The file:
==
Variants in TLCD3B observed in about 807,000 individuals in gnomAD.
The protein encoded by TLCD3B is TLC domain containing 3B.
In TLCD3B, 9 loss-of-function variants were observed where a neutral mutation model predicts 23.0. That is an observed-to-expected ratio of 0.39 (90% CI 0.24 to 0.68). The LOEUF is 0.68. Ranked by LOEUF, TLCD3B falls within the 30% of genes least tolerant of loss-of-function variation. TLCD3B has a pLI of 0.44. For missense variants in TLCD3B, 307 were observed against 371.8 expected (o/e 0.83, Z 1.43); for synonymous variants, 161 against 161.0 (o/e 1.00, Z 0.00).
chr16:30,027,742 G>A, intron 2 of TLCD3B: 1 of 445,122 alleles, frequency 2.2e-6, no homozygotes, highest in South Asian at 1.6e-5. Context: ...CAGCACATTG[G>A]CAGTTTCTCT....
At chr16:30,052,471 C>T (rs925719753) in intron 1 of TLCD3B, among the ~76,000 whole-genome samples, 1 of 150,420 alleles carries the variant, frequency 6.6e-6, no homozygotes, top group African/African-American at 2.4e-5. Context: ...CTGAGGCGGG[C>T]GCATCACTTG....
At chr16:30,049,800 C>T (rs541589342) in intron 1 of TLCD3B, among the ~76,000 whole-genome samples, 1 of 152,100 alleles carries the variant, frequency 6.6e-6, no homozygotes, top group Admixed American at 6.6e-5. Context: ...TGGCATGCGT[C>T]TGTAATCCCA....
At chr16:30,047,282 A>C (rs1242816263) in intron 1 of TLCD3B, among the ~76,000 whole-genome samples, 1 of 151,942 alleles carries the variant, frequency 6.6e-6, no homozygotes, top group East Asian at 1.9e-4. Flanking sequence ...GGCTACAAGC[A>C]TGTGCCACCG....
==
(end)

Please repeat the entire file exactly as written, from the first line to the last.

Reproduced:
Variants in TLCD3B observed in about 807,000 individuals in gnomAD.
The protein encoded by TLCD3B is TLC domain containing 3B.
In TLCD3B, 9 loss-of-function variants were observed where a neutral mutation model predicts 23.0. That is an observed-to-expected ratio of 0.39 (90% CI 0.24 to 0.68). The LOEUF is 0.68. Ranked by LOEUF, TLCD3B falls within the 30% of genes least tolerant of loss-of-function variation. TLCD3B has a pLI of 0.44. For missense variants in TLCD3B, 307 were observed against 371.8 expected (o/e 0.83, Z 1.43); for synonymous variants, 161 against 161.0 (o/e 1.00, Z 0.00).
chr16:30,027,742 G>A, intron 2 of TLCD3B: 1 of 445,122 alleles, frequency 2.2e-6, no homozygotes, highest in South Asian at 1.6e-5. Context: ...CAGCACATTG[G>A]CAGTTTCTCT....
At chr16:30,052,471 C>T (rs925719753) in intron 1 of TLCD3B, among the ~76,000 whole-genome samples, 1 of 150,420 alleles carries the variant, frequency 6.6e-6, no homozygotes, top group African/African-American at 2.4e-5. Context: ...CTGAGGCGGG[C>T]GCATCACTTG....
At chr16:30,049,800 C>T (rs541589342) in intron 1 of TLCD3B, among the ~76,000 whole-genome samples, 1 of 152,100 alleles carries the variant, frequency 6.6e-6, no homozygotes, top group Admixed American at 6.6e-5. Context: ...TGGCATGCGT[C>T]TGTAATCCCA....
At chr16:30,047,282 A>C (rs1242816263) in intron 1 of TLCD3B, among the ~76,000 whole-genome samples, 1 of 151,942 alleles carries the variant, frequency 6.6e-6, no homozygotes, top group East Asian at 1.9e-4. Flanking sequence ...GGCTACAAGC[A>C]TGTGCCACCG....